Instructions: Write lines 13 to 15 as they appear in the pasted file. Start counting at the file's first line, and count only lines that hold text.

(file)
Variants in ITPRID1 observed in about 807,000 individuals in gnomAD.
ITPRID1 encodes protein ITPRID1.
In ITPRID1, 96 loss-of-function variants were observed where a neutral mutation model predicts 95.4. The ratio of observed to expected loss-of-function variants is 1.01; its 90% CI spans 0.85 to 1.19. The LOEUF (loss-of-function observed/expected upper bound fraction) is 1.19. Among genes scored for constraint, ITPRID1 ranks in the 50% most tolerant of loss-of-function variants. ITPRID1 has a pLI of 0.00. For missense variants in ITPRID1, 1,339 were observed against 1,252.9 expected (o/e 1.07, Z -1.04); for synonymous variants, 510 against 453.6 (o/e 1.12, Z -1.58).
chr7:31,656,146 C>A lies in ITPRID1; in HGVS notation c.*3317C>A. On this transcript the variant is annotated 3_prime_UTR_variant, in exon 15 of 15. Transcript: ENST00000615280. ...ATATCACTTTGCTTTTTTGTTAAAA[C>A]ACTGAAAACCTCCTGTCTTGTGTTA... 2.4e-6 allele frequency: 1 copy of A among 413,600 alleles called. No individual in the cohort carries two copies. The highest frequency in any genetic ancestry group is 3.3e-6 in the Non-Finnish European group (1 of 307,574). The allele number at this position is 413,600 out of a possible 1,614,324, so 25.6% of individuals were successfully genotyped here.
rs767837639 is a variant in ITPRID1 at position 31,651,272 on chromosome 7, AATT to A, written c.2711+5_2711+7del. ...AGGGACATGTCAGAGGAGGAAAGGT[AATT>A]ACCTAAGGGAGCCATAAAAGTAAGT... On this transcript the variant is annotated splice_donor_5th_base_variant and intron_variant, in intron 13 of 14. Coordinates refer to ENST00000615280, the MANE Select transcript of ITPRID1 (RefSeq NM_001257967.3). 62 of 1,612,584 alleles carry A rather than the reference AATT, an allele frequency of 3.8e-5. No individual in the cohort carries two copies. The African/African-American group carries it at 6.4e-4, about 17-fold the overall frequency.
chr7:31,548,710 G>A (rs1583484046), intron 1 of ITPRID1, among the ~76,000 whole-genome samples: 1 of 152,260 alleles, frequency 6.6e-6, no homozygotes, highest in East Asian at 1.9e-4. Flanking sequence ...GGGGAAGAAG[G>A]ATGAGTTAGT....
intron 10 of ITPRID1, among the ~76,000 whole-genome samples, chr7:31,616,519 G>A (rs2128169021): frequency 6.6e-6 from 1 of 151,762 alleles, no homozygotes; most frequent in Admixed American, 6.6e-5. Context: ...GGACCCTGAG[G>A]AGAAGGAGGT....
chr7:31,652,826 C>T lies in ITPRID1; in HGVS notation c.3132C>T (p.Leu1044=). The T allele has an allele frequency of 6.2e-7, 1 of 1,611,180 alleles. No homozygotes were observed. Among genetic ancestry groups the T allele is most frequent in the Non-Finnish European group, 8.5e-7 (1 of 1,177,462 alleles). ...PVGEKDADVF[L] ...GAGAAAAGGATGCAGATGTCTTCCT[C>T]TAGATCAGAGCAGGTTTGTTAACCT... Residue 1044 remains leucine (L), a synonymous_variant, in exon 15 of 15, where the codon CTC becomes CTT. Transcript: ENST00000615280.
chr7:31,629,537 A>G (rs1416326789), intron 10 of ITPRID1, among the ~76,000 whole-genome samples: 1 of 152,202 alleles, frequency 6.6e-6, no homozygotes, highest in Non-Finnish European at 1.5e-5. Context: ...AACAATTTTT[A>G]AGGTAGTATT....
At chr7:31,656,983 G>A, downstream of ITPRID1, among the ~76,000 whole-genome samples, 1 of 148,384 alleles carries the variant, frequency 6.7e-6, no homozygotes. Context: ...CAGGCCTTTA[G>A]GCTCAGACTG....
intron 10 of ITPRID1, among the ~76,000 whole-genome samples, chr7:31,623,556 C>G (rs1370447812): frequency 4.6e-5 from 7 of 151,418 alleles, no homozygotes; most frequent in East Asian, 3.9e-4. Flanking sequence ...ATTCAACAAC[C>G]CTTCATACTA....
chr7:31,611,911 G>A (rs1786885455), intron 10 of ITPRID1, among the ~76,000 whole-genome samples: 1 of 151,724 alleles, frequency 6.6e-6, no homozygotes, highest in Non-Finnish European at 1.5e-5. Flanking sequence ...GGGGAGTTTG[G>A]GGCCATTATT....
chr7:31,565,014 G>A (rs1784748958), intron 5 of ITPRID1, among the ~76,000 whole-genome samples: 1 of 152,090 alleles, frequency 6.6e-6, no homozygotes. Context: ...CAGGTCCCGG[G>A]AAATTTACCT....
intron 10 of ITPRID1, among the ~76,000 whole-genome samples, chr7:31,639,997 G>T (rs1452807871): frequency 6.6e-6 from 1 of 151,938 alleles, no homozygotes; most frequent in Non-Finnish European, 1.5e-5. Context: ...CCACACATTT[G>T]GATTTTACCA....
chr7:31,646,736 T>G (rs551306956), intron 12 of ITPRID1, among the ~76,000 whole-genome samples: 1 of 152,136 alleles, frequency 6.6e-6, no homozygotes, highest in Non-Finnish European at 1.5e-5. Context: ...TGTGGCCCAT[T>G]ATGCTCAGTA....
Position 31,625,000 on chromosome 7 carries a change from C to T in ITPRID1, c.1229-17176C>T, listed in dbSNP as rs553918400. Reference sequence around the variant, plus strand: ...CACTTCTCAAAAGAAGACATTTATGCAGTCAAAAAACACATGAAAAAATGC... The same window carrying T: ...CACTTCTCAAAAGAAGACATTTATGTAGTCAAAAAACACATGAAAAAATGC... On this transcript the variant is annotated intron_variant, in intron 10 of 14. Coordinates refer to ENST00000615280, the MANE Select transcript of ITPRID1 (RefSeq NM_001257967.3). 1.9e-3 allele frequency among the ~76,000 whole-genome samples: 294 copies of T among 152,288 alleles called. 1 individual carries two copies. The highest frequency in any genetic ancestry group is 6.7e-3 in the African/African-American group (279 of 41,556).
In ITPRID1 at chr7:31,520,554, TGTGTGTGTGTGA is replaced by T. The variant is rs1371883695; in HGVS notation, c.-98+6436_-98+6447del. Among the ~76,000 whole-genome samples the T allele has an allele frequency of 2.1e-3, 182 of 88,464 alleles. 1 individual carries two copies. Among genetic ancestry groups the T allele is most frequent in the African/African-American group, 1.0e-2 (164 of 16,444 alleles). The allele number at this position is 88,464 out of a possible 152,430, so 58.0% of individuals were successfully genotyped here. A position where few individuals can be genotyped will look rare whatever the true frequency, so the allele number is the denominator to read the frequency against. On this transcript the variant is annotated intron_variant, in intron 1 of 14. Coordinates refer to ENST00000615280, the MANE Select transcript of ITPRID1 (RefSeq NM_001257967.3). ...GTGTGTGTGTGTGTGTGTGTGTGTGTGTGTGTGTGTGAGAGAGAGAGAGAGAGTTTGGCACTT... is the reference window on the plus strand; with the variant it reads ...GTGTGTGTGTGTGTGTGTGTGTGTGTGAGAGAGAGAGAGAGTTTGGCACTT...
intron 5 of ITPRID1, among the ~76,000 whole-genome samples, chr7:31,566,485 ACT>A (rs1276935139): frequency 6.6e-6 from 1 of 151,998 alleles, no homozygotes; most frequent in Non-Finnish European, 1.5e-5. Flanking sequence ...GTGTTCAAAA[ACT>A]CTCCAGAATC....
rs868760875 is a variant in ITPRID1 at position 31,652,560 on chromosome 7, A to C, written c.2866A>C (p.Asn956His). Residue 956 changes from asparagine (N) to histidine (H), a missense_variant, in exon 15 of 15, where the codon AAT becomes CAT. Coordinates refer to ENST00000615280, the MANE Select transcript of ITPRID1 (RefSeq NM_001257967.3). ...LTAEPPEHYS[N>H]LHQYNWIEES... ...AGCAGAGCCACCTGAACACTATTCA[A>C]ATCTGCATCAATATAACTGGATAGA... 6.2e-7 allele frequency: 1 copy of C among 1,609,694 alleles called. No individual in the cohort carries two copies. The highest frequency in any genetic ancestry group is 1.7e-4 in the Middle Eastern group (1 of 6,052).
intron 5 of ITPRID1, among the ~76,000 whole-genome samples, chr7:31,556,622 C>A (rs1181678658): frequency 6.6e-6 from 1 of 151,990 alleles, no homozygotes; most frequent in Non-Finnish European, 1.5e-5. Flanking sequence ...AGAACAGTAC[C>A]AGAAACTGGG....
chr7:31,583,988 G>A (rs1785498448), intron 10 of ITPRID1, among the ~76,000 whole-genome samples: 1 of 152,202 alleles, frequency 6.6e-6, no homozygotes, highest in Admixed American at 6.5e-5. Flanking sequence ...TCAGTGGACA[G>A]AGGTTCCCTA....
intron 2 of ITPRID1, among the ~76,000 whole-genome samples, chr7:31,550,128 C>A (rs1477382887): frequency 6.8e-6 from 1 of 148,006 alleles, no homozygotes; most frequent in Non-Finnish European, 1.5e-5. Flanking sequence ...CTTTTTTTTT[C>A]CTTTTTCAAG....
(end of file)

chr7:31,565,014 G>A (rs1784748958), intron 5 of ITPRID1, among the ~76,000 whole-genome samples: 1 of 152,090 alleles, frequency 6.6e-6, no homozygotes. Context: ...CAGGTCCCGG[G>A]AAATTTACCT....
intron 10 of ITPRID1, among the ~76,000 whole-genome samples, chr7:31,639,997 G>T (rs1452807871): frequency 6.6e-6 from 1 of 151,938 alleles, no homozygotes; most frequent in Non-Finnish European, 1.5e-5. Context: ...CCACACATTT[G>T]GATTTTACCA....
chr7:31,646,736 T>G (rs551306956), intron 12 of ITPRID1, among the ~76,000 whole-genome samples: 1 of 152,136 alleles, frequency 6.6e-6, no homozygotes, highest in Non-Finnish European at 1.5e-5. Context: ...TGTGGCCCAT[T>G]ATGCTCAGTA....